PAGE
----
I agree "being on a half-open file is generally not required" is part of the classical interpretation for a backward pawn. However, the classical description was not particularly useful when designing a pawn structure formula. Rather than "give an extra penalty for being on a half-open file", it was simpler to define the half-open file as necessary for being backward. This saved a lot of time later on when trying to figure out if a rook (or Queen) could attack the pawn.

In addition, by my definition a backward pawn can be repaired where a blocked pawn cannot. In position 1 if black to move, then b5 wins instantly even though it cannot advance safely on the next move.
This doesn't have anything to do with backward pawns hover. b5 wins because of a tactical issue with the advanced white pawn becoming passed and promoting where white's king ends up out of play.

You have to be very careful in that backward pawns are backward pawns. And the eval has to handle the most common cases best. This position is dominated by advanced passed pawns where the scores ought to be far larger than the backward pawn penalty...

This ought to be easy for any chess engine to evaluate, given a few plies of search to work out the pawn pushes. The eval is supposed to recognize "static" features. This is a highly dynamic position. Dynamics depend on search rather than evaluation.

D Sceviour
Posts: 464
Joined: Mon Jul 20, 2015 3:06 pm
Contact:

Re: Pawn backwardness

Post by D Sceviour » Wed Oct 07, 2015 2:16 am

bob wrote: You have to be very careful in that backward pawns are backward pawns. And the eval has to handle the most common cases best. This position is dominated by advanced passed pawns where the scores ought to be far larger than the backward pawn penalty...

Dynamics depend on search rather than evaluation.
If you are saying is that a backward (meaning blocked and unprotected) pawn is a liability then I agree. However, a backward (meaning repairable) pawn is neither a liability nor an asset itself. As you mentioned before, "I only give that extra penalty if there are pieces (rooks or queen) that can use that half-open file to attack from the front." There is no disagreement here.

The problem is one of definition. It is easier and simpler to distinguish between a backward (meaning blocked and unprotected) pawn and a backward (meaning repairable) pawn by dropping the definition for the former. They are completely different cases that require a different assessment. The backward (meaning blocked and unprotected) pawn case belongs to a study of attacks on pawn chain bases. Currently, I do not evaluate attacks on pawn chains because of the complexities. Perhaps pawns chains are best left for the search rather than any attempt to try a static evaluation. It would be interesting to hear if there are any simple suggestions for the static evaluation of pawn chains.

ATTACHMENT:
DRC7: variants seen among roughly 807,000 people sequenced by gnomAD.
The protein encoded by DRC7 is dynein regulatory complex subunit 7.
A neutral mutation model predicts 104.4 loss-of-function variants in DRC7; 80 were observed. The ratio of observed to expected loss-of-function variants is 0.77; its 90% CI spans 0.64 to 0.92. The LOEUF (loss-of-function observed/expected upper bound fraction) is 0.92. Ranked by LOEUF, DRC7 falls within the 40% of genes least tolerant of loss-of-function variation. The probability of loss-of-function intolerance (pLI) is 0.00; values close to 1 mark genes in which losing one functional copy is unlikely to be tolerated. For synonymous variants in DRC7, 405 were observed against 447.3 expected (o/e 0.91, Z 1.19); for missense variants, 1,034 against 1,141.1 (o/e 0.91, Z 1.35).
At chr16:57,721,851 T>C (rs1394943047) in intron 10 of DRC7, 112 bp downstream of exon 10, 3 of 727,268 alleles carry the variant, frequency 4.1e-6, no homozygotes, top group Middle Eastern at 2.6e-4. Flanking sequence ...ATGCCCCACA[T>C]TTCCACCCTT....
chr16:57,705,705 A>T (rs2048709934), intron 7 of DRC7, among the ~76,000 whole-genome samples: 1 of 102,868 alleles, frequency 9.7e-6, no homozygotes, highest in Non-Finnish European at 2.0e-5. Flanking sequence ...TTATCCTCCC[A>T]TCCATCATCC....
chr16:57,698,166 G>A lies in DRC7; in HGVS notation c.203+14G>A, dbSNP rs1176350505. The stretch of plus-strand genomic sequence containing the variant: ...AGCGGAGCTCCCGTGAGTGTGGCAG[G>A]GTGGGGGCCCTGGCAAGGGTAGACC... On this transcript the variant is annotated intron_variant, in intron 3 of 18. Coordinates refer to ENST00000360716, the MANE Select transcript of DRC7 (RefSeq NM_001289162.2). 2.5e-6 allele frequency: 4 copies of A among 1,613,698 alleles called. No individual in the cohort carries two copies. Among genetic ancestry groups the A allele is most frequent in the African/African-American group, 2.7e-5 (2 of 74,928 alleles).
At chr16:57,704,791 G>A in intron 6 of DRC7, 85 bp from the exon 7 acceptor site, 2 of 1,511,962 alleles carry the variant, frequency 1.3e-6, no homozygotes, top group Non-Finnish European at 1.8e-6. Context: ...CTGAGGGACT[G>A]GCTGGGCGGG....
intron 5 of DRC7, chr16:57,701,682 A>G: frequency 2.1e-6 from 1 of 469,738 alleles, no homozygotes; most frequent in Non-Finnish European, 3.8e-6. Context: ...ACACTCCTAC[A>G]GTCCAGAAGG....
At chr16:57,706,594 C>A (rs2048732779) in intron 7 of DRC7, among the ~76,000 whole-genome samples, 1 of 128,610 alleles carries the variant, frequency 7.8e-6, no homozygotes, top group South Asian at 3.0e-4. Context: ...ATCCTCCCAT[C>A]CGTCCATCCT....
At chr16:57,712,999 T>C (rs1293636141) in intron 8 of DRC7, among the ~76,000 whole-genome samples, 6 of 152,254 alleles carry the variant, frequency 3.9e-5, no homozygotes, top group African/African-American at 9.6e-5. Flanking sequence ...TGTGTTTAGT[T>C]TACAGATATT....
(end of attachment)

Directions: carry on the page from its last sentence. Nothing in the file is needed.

xmas79
Posts: 286
Joined: Mon Jun 03, 2013 5:05 pm
Location: Italy

Re: Pawn backwardness

Post by xmas79 » Wed Oct 07, 2015 3:16 am

D Sceviour wrote: A backward pawn is an unprotected pawn that cannot advance safely, and it is on a half-open file (thus it can be threatened). Also, this often requires the presence of rooks on the board, since they are the best pieces to exploit backward pawns. This definition differs from other formal definitions. In Position 3, some would call g6 backward. I would define g6 as blocked and unprotected for the purposes of creating a useable pawn structure formula.

Therefore, in Position 1 there is no backward pawn. In Position 2, only c7 is backward. Position 3 has no backward pawn.
You are giving an exact definition of what a backward pawn is. However it seems to me a bit arbitrary:

1- As Bob says the open-file stuff is bogus. There is not such a requirement for a pawn to be backward. It simply increases the weakness of the pawn, but only if there are rooks o the board.
2- The base of the pawn chain could be (should be?) easily seen as a backward pawn, therefore in position 1 d2 could also backward
3- in position 1 b7 is clearly a backward pawn.
4- in position 2 e7 is clearly a backward pawn.
5- in position 3 b2, d7 are clearly backward pawns.
6- in position 3 g6, h3 h2 are weak, and we go back to point 2.

I think everyone understand that they are weak, but what I'm trying to establish is how much.

xmas79
Posts: 286
Joined: Mon Jun 03, 2013 5:05 pm
Location: Italy

Re: Pawn backwardness

Post by xmas79 » Wed Oct 07, 2015 3:31 am

bob wrote:
Position 2: is d2 backward? is e4 backward?
[d]K6k/2p1p1pp/3p4/3P4/4P3/8/3P4/8 w - -
no and no. e4 can be supported by d2-d3, d2 is iffy. It can't be supported, but it can be used to advance e pawn and it is a bit hard to attack it.
It could be useful to mark e4 as backward to some degree. From a statically point of view, e4 pawn cannot be advanced without being captured, so it is weak. Clearly, with some dynamics pawn has a support and the weakness disappear. However, this is what search is for, and I fear that these bonus/penalties can have downsides.

xmas79
Posts: 286
Joined: Mon Jun 03, 2013 5:05 pm
Location: Italy

Re: Pawn backwardness

Post by xmas79 » Wed Oct 07, 2015 3:48 am

D Sceviour wrote:The problem is one of definition. It is easier and simpler to distinguish between a backward (meaning blocked and unprotected) pawn and a backward (meaning repairable) pawn by dropping the definition for the former.
What do you mean for "repairable"? That can be pushed in (say) 3 plies because of support from another pawn? And how do you evaluate a pawn that can't be pushed immediately and never will because the "supporting" pawn is blocked by piece?
They are completely different cases that require a different assessment. The backward (meaning blocked and unprotected) pawn case belongs to a study of attacks on pawn chain bases.
I'm here to exactly discuss this. However you have yours definition of what a backward pawn is (repairable? blocked and unprotected?).
Currently, I do not evaluate attacks on pawn chains because of the complexities. Perhaps pawns chains are best left for the search rather than any attempt to try a static evaluation. It would be interesting to hear if there are any simple suggestions for the static evaluation of pawn chains.
Pawn structure is probably the very only thing that must be corrrectly evauated. Getting the structure right in eval will save the engine from a lot of nonsense searches. This is particularly true during midgame, where search can't get it right even if you let the engine analyze for years....

IMHO.

Post Reply